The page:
A refugee in South Sudan has life-altering cleft-lip surgery and accepts Christ through a special medical outreach of Samaritan’s Purse.
January, 2013—Miriam had a sweetness that her 20 grandchildren adored. Her eyes danced when she smiled.
But her severely cleft lip often shrouded the joy in her laughter.
Many people in her village in the Nuba Mountains of Sudan believed that Miriam had been cursed. She endured the taunts and nursed the emotional scars of their scorn for 60 years, but she was a survivor.
Just a year ago, Miriam and her family nearly died when armed forces from Khartoum bombed their village in the disputed border region between Sudan and South Sudan, forcing thousands of Nubans to flee on foot.
“Three people running in front of me were killed by the bombs,” Miriam said. “I saw them die.”
A thin, green blanket was all that Miriam had with her when she fled. She and her family walked through scorching heat and dust for days to reach a refugee camp in Yida, South Sudan, where Samaritan’s Purse is providing emergency food, water, shelter, and medical attention for malnourished children. The camp, which first sheltered just a few thousand people, has grown into a refugee community of more than 70,000 people.
Seemingly lost among a sea of refugees, Miriam’s cleft lip caught the attention of a Samaritan’s Purse medical worker in the camp. A team of Canadian and American surgeons was going to be performing cleft lip surgeries, and health workers were evaluating candidates in towns and villages across the country. Miriam was invited to join 77 others who needed surgery.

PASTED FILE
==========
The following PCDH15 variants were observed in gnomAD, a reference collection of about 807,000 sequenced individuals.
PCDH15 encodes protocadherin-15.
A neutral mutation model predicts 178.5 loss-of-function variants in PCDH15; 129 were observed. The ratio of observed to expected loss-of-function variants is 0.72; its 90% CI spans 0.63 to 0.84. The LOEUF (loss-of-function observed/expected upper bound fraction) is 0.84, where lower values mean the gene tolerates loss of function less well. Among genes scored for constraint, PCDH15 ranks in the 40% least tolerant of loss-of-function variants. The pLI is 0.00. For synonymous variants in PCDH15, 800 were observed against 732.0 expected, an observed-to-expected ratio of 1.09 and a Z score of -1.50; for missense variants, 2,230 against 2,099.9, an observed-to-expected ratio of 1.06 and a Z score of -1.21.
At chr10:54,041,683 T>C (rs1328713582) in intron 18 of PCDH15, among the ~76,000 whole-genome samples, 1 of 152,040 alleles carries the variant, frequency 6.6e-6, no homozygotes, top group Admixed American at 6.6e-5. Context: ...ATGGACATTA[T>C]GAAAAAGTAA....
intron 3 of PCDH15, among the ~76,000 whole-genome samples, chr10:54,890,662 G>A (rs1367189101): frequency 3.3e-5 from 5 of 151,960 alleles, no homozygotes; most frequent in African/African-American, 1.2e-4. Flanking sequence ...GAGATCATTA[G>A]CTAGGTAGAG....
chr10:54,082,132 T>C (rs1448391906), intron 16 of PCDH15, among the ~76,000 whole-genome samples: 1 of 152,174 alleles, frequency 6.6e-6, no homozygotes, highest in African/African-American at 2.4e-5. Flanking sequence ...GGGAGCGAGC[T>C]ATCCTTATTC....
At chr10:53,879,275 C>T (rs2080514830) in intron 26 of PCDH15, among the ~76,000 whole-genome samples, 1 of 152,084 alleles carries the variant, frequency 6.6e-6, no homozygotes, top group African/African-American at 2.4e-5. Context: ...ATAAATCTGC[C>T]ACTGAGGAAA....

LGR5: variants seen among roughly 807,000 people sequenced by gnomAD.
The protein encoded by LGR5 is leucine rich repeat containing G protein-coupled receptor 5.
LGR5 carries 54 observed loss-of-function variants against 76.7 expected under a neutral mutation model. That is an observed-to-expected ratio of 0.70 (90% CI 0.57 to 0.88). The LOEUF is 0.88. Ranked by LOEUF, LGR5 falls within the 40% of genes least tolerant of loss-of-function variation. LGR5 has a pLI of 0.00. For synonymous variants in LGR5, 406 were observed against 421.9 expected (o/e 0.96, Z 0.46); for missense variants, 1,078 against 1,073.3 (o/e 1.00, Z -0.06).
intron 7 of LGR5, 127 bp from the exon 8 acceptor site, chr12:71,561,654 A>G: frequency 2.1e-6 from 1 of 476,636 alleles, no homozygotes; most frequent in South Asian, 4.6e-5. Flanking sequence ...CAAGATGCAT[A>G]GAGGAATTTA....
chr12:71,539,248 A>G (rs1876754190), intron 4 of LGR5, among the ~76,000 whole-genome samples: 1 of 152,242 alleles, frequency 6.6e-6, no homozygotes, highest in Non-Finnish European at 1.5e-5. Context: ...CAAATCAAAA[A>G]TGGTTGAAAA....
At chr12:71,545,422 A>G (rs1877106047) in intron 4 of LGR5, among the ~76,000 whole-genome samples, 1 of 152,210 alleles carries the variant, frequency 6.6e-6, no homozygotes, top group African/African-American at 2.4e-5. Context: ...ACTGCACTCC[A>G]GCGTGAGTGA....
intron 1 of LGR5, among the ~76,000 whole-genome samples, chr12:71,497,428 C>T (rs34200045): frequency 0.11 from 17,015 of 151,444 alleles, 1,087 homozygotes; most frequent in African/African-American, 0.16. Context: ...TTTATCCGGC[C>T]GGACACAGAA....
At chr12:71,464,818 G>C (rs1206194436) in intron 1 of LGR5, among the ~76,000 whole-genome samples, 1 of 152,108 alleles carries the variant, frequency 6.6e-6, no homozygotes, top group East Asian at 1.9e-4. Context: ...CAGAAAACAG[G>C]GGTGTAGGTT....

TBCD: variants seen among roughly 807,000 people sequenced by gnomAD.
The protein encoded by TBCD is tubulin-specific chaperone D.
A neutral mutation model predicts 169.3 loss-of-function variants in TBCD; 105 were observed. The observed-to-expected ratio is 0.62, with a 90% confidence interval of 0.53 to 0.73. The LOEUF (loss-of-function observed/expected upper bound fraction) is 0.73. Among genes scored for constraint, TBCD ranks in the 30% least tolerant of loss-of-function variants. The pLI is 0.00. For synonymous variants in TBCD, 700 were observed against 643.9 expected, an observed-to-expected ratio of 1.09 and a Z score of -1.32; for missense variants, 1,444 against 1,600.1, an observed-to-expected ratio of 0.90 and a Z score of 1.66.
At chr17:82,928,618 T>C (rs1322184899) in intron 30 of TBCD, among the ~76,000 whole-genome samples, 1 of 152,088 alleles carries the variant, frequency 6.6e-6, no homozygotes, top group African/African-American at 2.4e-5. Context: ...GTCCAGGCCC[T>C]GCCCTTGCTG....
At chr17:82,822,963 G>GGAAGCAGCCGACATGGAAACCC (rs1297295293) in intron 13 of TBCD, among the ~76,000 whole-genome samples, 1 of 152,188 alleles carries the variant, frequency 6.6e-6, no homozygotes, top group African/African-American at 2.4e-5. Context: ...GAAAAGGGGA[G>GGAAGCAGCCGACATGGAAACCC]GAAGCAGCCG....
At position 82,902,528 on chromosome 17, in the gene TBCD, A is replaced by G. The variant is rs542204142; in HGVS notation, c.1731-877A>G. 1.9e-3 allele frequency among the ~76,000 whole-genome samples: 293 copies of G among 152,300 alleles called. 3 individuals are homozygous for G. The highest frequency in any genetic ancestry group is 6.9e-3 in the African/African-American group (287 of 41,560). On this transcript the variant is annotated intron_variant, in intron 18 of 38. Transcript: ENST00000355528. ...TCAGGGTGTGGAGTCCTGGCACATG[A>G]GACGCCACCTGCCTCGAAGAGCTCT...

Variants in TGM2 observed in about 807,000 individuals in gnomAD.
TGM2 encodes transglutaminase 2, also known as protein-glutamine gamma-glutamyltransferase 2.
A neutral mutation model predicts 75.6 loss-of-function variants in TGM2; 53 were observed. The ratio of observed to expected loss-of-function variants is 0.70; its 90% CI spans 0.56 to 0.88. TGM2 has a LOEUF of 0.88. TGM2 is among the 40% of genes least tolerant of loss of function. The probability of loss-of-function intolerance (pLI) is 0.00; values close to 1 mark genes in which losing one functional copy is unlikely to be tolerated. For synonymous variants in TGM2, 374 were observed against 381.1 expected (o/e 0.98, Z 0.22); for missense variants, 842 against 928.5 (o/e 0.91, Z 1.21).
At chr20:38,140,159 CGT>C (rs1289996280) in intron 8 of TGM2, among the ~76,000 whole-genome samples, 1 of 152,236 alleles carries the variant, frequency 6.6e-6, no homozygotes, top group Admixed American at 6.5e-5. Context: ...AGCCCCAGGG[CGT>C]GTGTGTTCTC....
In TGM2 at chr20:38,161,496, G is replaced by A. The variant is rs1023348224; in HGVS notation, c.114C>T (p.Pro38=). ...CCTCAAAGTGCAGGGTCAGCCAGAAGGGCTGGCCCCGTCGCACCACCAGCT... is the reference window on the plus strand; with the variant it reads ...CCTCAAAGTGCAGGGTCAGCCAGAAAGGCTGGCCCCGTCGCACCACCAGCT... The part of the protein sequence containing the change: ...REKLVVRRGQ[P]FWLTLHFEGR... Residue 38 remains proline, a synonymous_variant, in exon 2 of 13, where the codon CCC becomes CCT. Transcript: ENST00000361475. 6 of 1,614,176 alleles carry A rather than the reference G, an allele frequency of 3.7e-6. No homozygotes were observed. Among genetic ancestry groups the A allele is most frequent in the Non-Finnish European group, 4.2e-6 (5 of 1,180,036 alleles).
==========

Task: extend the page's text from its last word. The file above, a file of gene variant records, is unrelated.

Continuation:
People in the camp tried to discourage Miriam from going, including her own brother. “You’re too old,” he said. “Why bother now?” But Miriam was determined.
“I want to walk on the road and not look away when people pass by,” she said. “I want to be able to hold my head up high, and no one will laugh at me.”
The day quickly arrived when Miriam boarded a small plane at the Yida airstrip for a two-hour flight to the hospital in Juba. She had never flown before, but she wasn’t afraid.
“I climbed into the plane with all my heart,” she said.
Sharing the Gospel
Still, Miriam nervously toyed with the string bracelet on her wrist and the thin cord she wore around her waist, seeking comfort from the charms that a village healer had given her for protection.
When Miriam arrived in Juba, the Christian doctors, nurses, and chaplains working with Samaritan’s Purse welcomed and comforted her, praying for her needs and sharing the Gospel.
A chaplain named Joyce spent time with Miriam, reading from the Bible and explaining the Good News. When Joyce asked Miriam if she wanted to pray to receive Jesus Christ as her Savior, she said yes.
“I did not know the truth before,” Miriam said. “Now, God is with me.”
In a moving act of faith, Miriam cut the charms off her wrist and waist and burned them in the courtyard outside the ward.
Miriam faced her surgery without fear when her turn came. As the anesthesia took hold, she was wheeled into the operating room where two skilled surgeons, Drs. Jim Wade and Warren Cooper, were waiting. In less than two hours, Miriam’s cleft lip was repaired. She woke up with a new face to reflect the new life she had in Christ.
“I am so happy!” Miriam said, gazing into a mirror after the surgery. “I have a new look. I like it!”
Miriam returned to her family in Yida a few days later. At first, even her own son was not sure that the woman getting off the plane was his mother. Soon, everyone was amazed and overjoyed by the transformation.
Miriam’s two sisters, Samira and Madina, welcomed her home and the three women sat and chatted together under a tree.
“She looks nice,” Samira said. “Now, she is pretty,” Madina added.
Miriam was back in a refugee camp, far from her home in the Nuba Mountains, but she was with family, she had a “new look,” and she was happy with her new life in Christ.
“All of this is a miracle in my life,” Miriam said. “I thank God.”